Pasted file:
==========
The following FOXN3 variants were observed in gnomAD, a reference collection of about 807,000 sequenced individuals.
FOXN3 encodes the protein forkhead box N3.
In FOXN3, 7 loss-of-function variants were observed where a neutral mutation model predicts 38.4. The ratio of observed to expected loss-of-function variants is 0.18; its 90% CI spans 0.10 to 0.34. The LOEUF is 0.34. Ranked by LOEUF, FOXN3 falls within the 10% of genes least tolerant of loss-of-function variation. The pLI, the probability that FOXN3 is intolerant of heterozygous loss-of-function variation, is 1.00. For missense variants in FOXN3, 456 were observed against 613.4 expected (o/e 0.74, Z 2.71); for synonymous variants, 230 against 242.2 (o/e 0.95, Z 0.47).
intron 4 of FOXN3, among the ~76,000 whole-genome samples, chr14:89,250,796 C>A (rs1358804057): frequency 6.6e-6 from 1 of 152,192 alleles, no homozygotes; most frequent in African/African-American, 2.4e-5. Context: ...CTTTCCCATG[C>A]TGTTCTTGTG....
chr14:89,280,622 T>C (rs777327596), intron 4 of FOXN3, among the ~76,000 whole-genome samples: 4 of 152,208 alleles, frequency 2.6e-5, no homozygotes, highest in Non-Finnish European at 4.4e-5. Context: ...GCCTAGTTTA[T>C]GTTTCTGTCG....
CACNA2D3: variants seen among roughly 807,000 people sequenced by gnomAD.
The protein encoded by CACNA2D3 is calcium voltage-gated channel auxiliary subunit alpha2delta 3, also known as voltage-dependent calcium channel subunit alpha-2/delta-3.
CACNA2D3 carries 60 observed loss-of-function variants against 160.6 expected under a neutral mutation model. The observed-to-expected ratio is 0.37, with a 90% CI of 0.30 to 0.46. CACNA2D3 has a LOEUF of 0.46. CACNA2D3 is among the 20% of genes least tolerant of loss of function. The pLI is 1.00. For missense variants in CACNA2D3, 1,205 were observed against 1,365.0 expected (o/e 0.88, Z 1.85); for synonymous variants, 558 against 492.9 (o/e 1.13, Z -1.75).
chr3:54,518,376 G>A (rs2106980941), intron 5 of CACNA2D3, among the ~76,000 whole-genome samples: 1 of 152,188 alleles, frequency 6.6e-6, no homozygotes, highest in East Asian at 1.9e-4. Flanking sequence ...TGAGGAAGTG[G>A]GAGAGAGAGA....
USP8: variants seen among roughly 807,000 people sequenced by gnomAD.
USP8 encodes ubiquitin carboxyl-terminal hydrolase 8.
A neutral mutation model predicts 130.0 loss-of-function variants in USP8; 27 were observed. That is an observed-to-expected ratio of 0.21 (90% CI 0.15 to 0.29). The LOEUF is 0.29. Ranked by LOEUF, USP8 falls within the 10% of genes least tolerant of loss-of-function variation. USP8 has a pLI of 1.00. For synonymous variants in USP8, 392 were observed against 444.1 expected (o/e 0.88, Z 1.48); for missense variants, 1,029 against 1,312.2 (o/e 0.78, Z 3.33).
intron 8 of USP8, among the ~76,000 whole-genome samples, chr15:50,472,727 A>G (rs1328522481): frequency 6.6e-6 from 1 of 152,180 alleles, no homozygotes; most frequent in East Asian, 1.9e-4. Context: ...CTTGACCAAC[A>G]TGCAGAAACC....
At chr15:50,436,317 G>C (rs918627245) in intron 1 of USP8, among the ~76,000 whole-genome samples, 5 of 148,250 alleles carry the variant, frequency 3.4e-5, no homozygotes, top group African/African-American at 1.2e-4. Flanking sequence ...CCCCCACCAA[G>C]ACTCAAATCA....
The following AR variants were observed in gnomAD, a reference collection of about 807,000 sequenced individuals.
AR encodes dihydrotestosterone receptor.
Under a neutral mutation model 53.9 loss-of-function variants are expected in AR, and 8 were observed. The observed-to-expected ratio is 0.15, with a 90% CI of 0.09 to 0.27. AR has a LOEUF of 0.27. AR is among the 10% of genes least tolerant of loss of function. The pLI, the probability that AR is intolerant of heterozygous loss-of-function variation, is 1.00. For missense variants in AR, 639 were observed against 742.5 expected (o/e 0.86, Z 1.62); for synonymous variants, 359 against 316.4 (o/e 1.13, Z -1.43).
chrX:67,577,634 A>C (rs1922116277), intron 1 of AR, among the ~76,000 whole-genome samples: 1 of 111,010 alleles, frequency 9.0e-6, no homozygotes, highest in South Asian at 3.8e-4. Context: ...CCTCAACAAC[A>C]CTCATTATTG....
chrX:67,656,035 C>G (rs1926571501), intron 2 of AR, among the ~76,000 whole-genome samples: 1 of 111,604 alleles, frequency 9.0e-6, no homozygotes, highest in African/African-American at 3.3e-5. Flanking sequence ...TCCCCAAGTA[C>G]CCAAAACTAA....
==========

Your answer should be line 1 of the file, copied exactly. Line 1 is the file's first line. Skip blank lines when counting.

The following FOXN3 variants were observed in gnomAD, a reference collection of about 807,000 sequenced individuals.